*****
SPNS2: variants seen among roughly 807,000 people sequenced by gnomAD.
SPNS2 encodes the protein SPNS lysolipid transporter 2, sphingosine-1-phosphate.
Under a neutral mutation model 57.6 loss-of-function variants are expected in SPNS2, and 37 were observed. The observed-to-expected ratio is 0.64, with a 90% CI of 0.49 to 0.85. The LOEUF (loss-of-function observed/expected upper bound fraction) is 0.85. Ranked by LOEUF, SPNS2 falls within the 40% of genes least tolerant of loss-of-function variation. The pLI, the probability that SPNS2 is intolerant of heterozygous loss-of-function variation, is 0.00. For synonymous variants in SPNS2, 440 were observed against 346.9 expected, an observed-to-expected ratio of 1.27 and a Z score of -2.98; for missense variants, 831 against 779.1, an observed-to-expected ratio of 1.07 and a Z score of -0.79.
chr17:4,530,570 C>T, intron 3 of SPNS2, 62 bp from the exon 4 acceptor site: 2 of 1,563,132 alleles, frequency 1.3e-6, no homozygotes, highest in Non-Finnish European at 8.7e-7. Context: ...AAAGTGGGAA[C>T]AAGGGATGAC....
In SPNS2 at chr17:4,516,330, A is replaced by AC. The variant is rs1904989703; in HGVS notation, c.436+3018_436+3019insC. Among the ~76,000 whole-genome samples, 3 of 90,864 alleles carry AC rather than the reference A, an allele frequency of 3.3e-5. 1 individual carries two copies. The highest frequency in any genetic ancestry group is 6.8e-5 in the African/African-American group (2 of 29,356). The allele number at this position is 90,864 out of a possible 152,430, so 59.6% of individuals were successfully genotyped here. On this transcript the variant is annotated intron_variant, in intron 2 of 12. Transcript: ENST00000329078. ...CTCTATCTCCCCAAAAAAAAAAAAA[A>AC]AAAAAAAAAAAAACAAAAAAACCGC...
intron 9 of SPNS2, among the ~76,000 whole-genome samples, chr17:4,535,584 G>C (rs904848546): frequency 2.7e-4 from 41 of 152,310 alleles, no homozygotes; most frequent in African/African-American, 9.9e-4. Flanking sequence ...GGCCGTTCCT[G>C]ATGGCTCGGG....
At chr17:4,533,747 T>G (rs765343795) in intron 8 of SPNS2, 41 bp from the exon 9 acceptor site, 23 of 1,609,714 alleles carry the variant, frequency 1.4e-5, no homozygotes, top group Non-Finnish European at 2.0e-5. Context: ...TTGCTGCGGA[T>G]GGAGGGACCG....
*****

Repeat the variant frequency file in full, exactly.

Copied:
SPNS2: variants seen among roughly 807,000 people sequenced by gnomAD.
SPNS2 encodes the protein SPNS lysolipid transporter 2, sphingosine-1-phosphate.
Under a neutral mutation model 57.6 loss-of-function variants are expected in SPNS2, and 37 were observed. The observed-to-expected ratio is 0.64, with a 90% CI of 0.49 to 0.85. The LOEUF (loss-of-function observed/expected upper bound fraction) is 0.85. Ranked by LOEUF, SPNS2 falls within the 40% of genes least tolerant of loss-of-function variation. The pLI, the probability that SPNS2 is intolerant of heterozygous loss-of-function variation, is 0.00. For synonymous variants in SPNS2, 440 were observed against 346.9 expected, an observed-to-expected ratio of 1.27 and a Z score of -2.98; for missense variants, 831 against 779.1, an observed-to-expected ratio of 1.07 and a Z score of -0.79.
chr17:4,530,570 C>T, intron 3 of SPNS2, 62 bp from the exon 4 acceptor site: 2 of 1,563,132 alleles, frequency 1.3e-6, no homozygotes, highest in Non-Finnish European at 8.7e-7. Context: ...AAAGTGGGAA[C>T]AAGGGATGAC....
In SPNS2 at chr17:4,516,330, A is replaced by AC. The variant is rs1904989703; in HGVS notation, c.436+3018_436+3019insC. Among the ~76,000 whole-genome samples, 3 of 90,864 alleles carry AC rather than the reference A, an allele frequency of 3.3e-5. 1 individual carries two copies. The highest frequency in any genetic ancestry group is 6.8e-5 in the African/African-American group (2 of 29,356). The allele number at this position is 90,864 out of a possible 152,430, so 59.6% of individuals were successfully genotyped here. On this transcript the variant is annotated intron_variant, in intron 2 of 12. Transcript: ENST00000329078. ...CTCTATCTCCCCAAAAAAAAAAAAA[A>AC]AAAAAAAAAAAAACAAAAAAACCGC...
intron 9 of SPNS2, among the ~76,000 whole-genome samples, chr17:4,535,584 G>C (rs904848546): frequency 2.7e-4 from 41 of 152,310 alleles, no homozygotes; most frequent in African/African-American, 9.9e-4. Flanking sequence ...GGCCGTTCCT[G>C]ATGGCTCGGG....
At chr17:4,533,747 T>G (rs765343795) in intron 8 of SPNS2, 41 bp from the exon 9 acceptor site, 23 of 1,609,714 alleles carry the variant, frequency 1.4e-5, no homozygotes, top group Non-Finnish European at 2.0e-5. Context: ...TTGCTGCGGA[T>G]GGAGGGACCG....